Ten Simple Strategies for Prayer


By Chuck Lawless

I know very few people who don’t struggle with prayer. We know we should pray, but doing so consistently and fervently is not easy. Most of our praying is reactionary – that is, in response to a problem – rather than proactive, lifestyle praying.

Sometimes we try to fix this problem by seeking to become a prayer warrior overnight. That approach seldom works, and we get discouraged. A better approach is to build your prayer life one step at a time. Here are some simple strategies for increasing your prayer:

  1. Establish some prayer “triggers.” Associate prayer with some daily activities, and then develop prayer patterns. For example, you might pray before you turn the ignition on your car. Pray as you cook a meal, clean a room, or walk on the treadmill. Let the “trigger” do what it’s intended to do: direct you toward prayer.
  2. Use the church bulletin or calendar as a prayer guide. Find the list of scheduled events for the week, and pray for each day’s activities. If the young people are meeting on Tuesday night, pray for them. If the praise team practices on Monday, intercede for them on Monday. Let the bulletin or calendar information guide your daily praying.
  3. Develop a “Focus on the Family” prayer strategy. Each week, focus on a different family in the church. Find out what prayer needs they have, and pray for them. Your small group might use this strategy to make certain every family receives prayer throughout the year. If so, be sure to pray for inactive families as well – only through prayer might they return.
  4. Follow the ACTS paradigm. This strategy was the first one I learned decades ago, and it is still an effective one. Build a prayer list based on Adoration (praising God for who He is), Confession (admitting sin), Thanksgiving (expressing gratitude) and Supplication (praying for others). The intentionality of this strategy will help you stay focused during prayer.
  5. Use a “Focused ACTS” strategy for one week. Use ACTS on Monday, but then focus daily on only one component during the rest of the week. On Tuesday, adore God throughout the day. On Wednesday, ask God to bring to light all of your sin so you might confess it. Thursday is for thanksgiving, and Friday is for praying for others.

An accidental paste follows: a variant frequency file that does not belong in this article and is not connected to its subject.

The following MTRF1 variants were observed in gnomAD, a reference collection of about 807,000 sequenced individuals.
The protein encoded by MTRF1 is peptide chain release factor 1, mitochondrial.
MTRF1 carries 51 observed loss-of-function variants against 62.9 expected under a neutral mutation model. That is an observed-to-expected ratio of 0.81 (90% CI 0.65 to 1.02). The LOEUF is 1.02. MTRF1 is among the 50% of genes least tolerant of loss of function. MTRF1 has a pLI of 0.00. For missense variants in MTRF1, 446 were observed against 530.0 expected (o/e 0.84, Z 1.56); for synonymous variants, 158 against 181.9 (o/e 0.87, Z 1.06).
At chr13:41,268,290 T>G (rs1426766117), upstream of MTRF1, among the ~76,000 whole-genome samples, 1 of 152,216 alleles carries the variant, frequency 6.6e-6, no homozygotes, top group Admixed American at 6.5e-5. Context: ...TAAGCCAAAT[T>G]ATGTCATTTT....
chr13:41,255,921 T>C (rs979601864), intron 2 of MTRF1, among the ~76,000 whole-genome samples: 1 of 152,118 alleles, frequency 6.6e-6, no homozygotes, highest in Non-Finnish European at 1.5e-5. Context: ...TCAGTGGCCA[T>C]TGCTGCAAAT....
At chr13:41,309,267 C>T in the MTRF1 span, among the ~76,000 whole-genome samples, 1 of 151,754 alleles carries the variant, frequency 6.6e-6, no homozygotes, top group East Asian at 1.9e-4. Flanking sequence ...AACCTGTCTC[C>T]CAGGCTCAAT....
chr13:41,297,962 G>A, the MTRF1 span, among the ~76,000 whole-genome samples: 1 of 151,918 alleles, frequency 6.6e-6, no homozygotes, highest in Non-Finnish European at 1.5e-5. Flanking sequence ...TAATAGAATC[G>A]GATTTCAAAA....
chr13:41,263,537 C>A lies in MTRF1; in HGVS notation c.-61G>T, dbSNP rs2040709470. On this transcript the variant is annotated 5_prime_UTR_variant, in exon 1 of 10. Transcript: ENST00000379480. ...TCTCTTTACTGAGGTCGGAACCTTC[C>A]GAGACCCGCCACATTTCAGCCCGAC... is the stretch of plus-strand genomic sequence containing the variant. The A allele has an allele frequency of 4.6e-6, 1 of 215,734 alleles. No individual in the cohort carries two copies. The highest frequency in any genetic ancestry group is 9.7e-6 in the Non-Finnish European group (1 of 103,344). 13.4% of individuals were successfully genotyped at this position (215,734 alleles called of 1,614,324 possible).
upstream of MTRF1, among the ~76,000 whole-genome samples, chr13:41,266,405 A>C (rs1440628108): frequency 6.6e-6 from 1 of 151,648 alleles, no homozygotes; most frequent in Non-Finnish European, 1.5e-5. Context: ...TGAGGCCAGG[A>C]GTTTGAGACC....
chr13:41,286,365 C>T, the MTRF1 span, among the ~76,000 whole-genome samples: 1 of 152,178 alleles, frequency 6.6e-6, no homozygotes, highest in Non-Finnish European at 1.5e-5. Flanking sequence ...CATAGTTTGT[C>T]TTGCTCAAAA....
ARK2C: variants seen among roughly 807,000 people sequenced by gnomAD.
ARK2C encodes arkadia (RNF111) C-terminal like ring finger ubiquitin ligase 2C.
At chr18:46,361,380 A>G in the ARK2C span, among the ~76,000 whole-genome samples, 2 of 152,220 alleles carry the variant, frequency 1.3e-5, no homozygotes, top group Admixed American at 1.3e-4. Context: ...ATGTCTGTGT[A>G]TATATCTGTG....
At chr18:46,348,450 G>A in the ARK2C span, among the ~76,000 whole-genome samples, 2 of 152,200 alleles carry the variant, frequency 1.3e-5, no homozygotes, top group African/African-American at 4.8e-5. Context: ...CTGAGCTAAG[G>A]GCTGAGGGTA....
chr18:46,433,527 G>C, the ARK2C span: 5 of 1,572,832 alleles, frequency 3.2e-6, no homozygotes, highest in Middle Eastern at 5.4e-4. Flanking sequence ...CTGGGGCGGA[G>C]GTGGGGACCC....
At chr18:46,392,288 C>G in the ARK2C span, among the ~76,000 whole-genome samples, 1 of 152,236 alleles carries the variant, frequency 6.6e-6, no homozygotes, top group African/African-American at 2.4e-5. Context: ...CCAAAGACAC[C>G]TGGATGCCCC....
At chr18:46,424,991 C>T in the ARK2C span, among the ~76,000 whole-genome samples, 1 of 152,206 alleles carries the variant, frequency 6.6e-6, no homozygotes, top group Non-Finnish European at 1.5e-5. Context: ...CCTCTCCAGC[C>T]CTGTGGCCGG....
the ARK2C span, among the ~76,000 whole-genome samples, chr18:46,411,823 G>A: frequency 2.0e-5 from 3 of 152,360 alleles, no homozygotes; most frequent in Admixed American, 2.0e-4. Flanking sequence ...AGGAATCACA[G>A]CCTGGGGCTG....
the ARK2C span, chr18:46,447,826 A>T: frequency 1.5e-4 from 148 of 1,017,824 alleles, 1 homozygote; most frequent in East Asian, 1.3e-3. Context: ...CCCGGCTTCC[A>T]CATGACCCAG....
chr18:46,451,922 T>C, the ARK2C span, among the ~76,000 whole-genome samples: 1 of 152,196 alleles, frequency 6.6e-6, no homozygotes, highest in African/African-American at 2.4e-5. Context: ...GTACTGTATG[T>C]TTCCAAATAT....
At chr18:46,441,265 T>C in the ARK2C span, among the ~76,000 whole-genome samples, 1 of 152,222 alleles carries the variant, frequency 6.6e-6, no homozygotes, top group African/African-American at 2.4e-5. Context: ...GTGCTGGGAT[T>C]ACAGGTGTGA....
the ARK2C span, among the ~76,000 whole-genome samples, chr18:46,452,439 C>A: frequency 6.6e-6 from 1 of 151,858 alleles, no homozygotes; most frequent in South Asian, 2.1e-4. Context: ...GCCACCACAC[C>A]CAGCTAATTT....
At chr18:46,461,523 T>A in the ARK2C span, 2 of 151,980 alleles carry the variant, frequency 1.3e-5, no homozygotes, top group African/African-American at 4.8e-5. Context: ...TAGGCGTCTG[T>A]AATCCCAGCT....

6. Do “drive by” praying. Use your time in the car to pray. Watch for church buildings, and pray for the pastors of those congregations. Intercede for children and teachers as you drive past a school. If you pass a “For Sale” sign in your neighborhood, pray for that family. Pray for your coworkers as you park each morning.
  7. Set some “prayer power points.” A prayer power point is a set time each day when you stop to pray. I find it best to set the alarm on my watch, and that reminder calls me away from my desk to pray. Just a few minutes set aside for prayer help me to re-focus for the rest of the day.
  8. Pray the “Model Prayer” of Matthew 6:9-13 daily. I would not want this strategy to become routine and repetitious, but Jesus taught us to pray this prayer. Start each day with this prayer. Pause long enough to meditate on each phrase. Let the words become a genuine conversation with God.
  9. Pray as you read the news. Whether you read the newspaper or read online, use the news to direct your praying. Intercede for countries in war. Pray for families affected by crime or natural disasters. Ask God to guide government leaders. Pray for missionaries in each country in the news.
  10. Send an email prayer to someone each day. Take ten minutes, pray for someone else, and send a written prayer to that person. This strategy doesn’t take long, and just a few sentences of prayer will encourage somebody unexpectedly.

Remember, you won’t become a prayer warrior overnight . . . but start somewhere. Becoming a furnace of prayer begins with just a spark.

What other prayer strategies have you used?

Lifeway_Blog_Ad[1]Chuck Lawless currently serves as Professor of Evangelism and Missions and Dean of Graduate Studies at Southeastern Seminary. 

You can connect with Dr. Lawless on both Twitter and Facebook.

Posted on April 16, 2013